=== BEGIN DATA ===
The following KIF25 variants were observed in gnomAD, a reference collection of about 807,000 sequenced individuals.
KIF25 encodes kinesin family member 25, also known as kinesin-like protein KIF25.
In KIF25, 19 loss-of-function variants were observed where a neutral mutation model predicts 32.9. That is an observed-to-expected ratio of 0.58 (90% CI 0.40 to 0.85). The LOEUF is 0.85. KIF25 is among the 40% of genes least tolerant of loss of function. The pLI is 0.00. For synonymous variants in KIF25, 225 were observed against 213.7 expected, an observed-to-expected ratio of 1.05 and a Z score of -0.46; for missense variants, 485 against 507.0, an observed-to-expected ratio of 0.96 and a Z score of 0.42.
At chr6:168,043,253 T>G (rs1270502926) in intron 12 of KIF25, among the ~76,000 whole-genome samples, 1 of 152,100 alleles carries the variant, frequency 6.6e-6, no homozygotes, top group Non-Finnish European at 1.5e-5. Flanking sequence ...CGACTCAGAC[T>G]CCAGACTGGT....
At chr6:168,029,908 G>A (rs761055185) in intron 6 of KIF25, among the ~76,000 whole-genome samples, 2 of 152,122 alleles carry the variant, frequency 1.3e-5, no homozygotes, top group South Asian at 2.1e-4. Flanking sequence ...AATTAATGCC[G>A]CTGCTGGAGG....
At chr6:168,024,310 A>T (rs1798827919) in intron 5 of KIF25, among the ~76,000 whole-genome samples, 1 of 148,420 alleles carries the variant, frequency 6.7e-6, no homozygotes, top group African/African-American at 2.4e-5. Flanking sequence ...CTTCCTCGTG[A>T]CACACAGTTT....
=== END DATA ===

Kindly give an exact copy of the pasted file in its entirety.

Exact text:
The following KIF25 variants were observed in gnomAD, a reference collection of about 807,000 sequenced individuals.
KIF25 encodes kinesin family member 25, also known as kinesin-like protein KIF25.
In KIF25, 19 loss-of-function variants were observed where a neutral mutation model predicts 32.9. That is an observed-to-expected ratio of 0.58 (90% CI 0.40 to 0.85). The LOEUF is 0.85. KIF25 is among the 40% of genes least tolerant of loss of function. The pLI is 0.00. For synonymous variants in KIF25, 225 were observed against 213.7 expected, an observed-to-expected ratio of 1.05 and a Z score of -0.46; for missense variants, 485 against 507.0, an observed-to-expected ratio of 0.96 and a Z score of 0.42.
At chr6:168,043,253 T>G (rs1270502926) in intron 12 of KIF25, among the ~76,000 whole-genome samples, 1 of 152,100 alleles carries the variant, frequency 6.6e-6, no homozygotes, top group Non-Finnish European at 1.5e-5. Flanking sequence ...CGACTCAGAC[T>G]CCAGACTGGT....
At chr6:168,029,908 G>A (rs761055185) in intron 6 of KIF25, among the ~76,000 whole-genome samples, 2 of 152,122 alleles carry the variant, frequency 1.3e-5, no homozygotes, top group South Asian at 2.1e-4. Flanking sequence ...AATTAATGCC[G>A]CTGCTGGAGG....
At chr6:168,024,310 A>T (rs1798827919) in intron 5 of KIF25, among the ~76,000 whole-genome samples, 1 of 148,420 alleles carries the variant, frequency 6.7e-6, no homozygotes, top group African/African-American at 2.4e-5. Flanking sequence ...CTTCCTCGTG[A>T]CACACAGTTT....